This cohort’s experiences and horizons cannot be taken as constraining the meanings of Ashes of Time, yet must be accorded due weight as part of the emotional and hermeneutic apparatus of both the director himself and his historically primary audiences. A viewer who reads the film broadly as an exercise in the “kung fu” or “swordsman” genre, even if he/she recognizes (as who cannot?) the abnegation of some of the genre’s most hallowed features, misses out both on Wong’s specific manipulations of Jin Yong’s characters and on the deep well of familiarity and identification from which the director is drawing. The film’s protagonists—Huang Yaoshi, Ouyang Feng, and Hong Qi—are supporting characters in Jin Yong’s original novel. As three of the five reigning eminences of the Martial Grove (the world of the martial arts), they shape the martial and moral development of the novel’s central character, Guo Jing. Their gothic eccentricities offset Guo Jing’s simple-minded righteousness and add depth and shadow to the novel’s world; and even as they play their roles in the hero’sbildungsroman, their interactions with Guo Jing occasion the incremental revelation of the motivations behind their own extravagant personalities and implacable rivalries. Wong Kar-Wai thus engages in a dense and complex relationship with his source. His translation of the material from the mode of heroism and romance to that of melancholy and introspection ostentatiously subverts the genre’s emotional palette; yet this translation builds on plot elements and narrative strategies present in the original, and draws its power, both to fascinate and to alienate, from an already established intimacy between his characters and his audience. Dissanayake is aware of all this. He takes due note of the novels and their adaptations, describes the film as “both an extension and replacement of the original narrative,” and properly identifies Wong’s challenges to the “received” versions of the story’s characters as a source of audience dissatisfaction (see pp. 26-29). He is within his rights to decline “to undertake a full-scale comparison of the novel and the film, which would be a different subject altogether and demand a different forum” (p. 29). But the very general tenor of his remarks does little to illuminate this important element of the film’s meaning for the uninitiated viewer.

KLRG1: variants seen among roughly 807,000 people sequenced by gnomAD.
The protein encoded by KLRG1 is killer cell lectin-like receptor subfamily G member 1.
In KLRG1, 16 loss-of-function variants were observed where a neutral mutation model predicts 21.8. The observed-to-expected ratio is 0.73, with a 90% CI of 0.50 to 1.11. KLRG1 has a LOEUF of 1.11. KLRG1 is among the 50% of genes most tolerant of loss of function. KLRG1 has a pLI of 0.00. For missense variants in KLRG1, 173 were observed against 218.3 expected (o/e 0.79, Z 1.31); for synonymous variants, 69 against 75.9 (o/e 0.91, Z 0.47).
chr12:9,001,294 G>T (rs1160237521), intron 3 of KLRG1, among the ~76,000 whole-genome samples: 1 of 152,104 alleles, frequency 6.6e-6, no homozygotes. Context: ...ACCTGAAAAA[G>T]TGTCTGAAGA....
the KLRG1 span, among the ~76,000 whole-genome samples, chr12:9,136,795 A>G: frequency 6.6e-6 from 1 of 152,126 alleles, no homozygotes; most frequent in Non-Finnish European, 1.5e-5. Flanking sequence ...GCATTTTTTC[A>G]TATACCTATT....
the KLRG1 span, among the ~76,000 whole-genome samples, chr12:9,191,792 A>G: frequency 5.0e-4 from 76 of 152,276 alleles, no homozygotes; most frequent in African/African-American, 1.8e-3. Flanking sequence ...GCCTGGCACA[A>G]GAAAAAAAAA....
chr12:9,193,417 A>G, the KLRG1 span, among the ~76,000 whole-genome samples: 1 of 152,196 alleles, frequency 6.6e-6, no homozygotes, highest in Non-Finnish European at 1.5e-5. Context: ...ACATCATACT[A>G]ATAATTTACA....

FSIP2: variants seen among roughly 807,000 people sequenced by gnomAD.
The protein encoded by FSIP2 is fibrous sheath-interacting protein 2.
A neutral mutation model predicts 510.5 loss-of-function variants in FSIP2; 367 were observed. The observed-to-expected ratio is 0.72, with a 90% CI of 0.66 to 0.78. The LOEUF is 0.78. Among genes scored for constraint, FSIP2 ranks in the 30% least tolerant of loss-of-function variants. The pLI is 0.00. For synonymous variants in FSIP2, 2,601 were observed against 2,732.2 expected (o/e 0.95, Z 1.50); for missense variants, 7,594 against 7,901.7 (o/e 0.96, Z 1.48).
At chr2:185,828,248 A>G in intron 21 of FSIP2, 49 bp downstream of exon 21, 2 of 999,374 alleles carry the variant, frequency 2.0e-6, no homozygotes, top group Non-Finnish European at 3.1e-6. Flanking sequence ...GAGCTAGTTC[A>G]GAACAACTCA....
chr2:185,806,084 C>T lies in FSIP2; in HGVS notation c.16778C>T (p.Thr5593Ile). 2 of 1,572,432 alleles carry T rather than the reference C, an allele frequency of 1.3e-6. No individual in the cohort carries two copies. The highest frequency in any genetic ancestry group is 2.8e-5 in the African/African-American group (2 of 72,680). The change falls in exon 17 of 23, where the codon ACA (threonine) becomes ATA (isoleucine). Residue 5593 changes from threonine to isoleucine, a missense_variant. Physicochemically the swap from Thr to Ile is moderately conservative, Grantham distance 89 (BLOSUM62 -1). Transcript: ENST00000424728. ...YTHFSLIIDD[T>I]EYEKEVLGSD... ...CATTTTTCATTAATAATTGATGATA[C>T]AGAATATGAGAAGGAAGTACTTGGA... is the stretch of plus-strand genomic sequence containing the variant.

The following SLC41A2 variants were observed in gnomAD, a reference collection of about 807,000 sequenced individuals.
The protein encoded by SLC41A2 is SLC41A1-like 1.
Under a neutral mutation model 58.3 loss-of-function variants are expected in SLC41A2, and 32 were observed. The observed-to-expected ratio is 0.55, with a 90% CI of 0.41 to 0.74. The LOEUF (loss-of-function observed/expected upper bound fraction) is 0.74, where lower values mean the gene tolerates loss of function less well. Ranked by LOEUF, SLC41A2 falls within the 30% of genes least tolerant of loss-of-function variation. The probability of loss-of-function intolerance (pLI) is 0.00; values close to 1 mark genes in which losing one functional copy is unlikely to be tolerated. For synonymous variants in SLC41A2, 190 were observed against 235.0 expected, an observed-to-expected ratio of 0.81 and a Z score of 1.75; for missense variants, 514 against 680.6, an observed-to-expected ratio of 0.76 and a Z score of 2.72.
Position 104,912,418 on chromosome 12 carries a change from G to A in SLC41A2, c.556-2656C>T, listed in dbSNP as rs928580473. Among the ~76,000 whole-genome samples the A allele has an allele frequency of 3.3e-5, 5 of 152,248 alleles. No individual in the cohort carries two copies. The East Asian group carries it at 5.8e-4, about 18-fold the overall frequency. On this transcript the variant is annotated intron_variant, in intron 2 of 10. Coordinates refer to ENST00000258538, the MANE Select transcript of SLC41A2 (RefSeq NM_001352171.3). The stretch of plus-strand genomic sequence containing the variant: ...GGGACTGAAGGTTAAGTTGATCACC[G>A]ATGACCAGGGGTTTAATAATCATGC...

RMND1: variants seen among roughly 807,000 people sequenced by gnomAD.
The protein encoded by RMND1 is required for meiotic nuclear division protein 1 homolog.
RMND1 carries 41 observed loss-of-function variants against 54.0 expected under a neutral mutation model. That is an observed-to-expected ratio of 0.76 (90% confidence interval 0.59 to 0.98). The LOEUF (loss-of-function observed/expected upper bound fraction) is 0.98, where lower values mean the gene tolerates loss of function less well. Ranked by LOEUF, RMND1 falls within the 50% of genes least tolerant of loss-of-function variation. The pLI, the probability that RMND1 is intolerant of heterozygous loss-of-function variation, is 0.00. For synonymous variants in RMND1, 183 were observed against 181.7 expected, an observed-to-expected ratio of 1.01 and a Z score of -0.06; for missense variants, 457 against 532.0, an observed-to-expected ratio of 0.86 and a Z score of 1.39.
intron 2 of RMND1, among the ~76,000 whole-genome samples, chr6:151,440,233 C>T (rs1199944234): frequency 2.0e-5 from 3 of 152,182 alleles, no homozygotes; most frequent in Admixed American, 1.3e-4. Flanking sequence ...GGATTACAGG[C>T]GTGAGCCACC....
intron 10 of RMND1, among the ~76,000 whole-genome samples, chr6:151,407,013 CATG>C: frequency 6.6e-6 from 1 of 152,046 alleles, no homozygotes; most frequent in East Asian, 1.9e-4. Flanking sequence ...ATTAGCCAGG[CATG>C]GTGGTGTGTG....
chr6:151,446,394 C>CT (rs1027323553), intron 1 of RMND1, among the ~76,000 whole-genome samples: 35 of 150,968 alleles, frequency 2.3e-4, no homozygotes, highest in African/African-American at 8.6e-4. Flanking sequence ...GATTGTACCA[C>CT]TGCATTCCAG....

A similar level of abstraction weakens his discussion of the genre of martial arts film. Chapter 7 offers an overview of the history of the genre and argues that Ashes of Time derives meaning from the simultaneous evocation and subversion of genre conventions. The point is valid; valid too, and necessary, is the point that other directors’ (King Hu and Tsui Hark, among others) elaborations of and challenges to the same conventions should prevent us from imagining “a simple opposition between Ashes of Time and the martial arts film genre” (p. 90). But the substantiation of these points once again remains frustratingly less than concrete. Here as throughout the volume, Ashes is characterized rather than analyzed (i.e., through close reading or shot-by-shot analysis), and held up for comparison against an amorphous “majority of martial arts films” from which little historical or textual particularity swims into focus. My quibble here—and it should be taken as no more than that—is that the volume’s provenance and the scope allowed by a monograph on a single film might have provided an opportunity not only to regard the film from the perspective of the informed Anglophone cosmopole, as Dissanayake does so well, but also to present a thicker history of the literary, linguistic, and cinematic particularities of the soil from which it sprang.
John Christopher Hamm
University of Washington